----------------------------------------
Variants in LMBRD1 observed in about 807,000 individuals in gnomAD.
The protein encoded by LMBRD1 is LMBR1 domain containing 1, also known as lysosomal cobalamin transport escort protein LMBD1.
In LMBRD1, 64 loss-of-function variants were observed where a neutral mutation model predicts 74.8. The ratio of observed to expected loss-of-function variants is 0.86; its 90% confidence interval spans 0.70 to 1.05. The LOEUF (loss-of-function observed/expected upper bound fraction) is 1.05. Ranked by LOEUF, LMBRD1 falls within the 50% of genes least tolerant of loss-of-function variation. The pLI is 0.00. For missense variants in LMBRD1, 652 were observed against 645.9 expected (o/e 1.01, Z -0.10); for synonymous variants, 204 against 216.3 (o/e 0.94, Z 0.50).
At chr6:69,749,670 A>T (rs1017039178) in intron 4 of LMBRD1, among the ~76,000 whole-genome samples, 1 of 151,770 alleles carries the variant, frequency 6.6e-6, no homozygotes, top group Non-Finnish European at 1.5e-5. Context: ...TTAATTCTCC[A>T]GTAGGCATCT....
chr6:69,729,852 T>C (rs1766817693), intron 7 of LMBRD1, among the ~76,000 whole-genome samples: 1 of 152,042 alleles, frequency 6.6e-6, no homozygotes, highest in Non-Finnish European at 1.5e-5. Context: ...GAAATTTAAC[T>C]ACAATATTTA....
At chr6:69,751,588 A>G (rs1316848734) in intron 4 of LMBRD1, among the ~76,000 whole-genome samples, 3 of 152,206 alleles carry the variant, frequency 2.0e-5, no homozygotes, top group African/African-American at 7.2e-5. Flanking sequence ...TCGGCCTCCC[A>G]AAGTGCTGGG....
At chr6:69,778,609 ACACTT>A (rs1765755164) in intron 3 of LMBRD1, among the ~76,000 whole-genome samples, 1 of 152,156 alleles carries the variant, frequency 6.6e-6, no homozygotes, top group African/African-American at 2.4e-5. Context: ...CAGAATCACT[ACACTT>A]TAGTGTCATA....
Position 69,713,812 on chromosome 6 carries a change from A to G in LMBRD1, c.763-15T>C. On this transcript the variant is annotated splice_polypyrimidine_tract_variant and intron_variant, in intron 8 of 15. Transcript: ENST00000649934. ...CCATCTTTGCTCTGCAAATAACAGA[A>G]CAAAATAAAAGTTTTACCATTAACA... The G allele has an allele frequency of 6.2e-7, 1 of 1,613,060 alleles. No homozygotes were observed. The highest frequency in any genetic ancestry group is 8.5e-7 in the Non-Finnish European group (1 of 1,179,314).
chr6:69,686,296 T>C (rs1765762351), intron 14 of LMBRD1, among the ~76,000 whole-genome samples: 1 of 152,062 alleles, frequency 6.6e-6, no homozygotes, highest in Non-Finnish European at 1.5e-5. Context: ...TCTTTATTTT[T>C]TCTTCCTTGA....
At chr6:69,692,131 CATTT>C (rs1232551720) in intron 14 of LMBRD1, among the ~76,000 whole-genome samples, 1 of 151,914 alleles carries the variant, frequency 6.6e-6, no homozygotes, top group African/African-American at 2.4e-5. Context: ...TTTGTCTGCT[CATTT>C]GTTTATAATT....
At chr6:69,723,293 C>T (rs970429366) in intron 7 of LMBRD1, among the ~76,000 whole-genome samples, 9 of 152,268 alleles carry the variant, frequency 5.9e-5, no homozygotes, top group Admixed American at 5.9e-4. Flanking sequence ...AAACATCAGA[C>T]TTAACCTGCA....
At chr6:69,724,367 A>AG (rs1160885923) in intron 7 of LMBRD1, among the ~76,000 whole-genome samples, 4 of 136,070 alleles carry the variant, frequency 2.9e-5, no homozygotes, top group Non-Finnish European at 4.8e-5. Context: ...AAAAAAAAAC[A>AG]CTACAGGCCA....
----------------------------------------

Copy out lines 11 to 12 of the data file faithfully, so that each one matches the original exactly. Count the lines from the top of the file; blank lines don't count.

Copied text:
At chr6:69,723,293 C>T (rs970429366) in intron 7 of LMBRD1, among the ~76,000 whole-genome samples, 9 of 152,268 alleles carry the variant, frequency 5.9e-5, no homozygotes, top group Admixed American at 5.9e-4. Flanking sequence ...AAACATCAGA[C>T]TTAACCTGCA....
At chr6:69,724,367 A>AG (rs1160885923) in intron 7 of LMBRD1, among the ~76,000 whole-genome samples, 4 of 136,070 alleles carry the variant, frequency 2.9e-5, no homozygotes, top group Non-Finnish European at 4.8e-5. Context: ...AAAAAAAAAC[A>AG]CTACAGGCCA....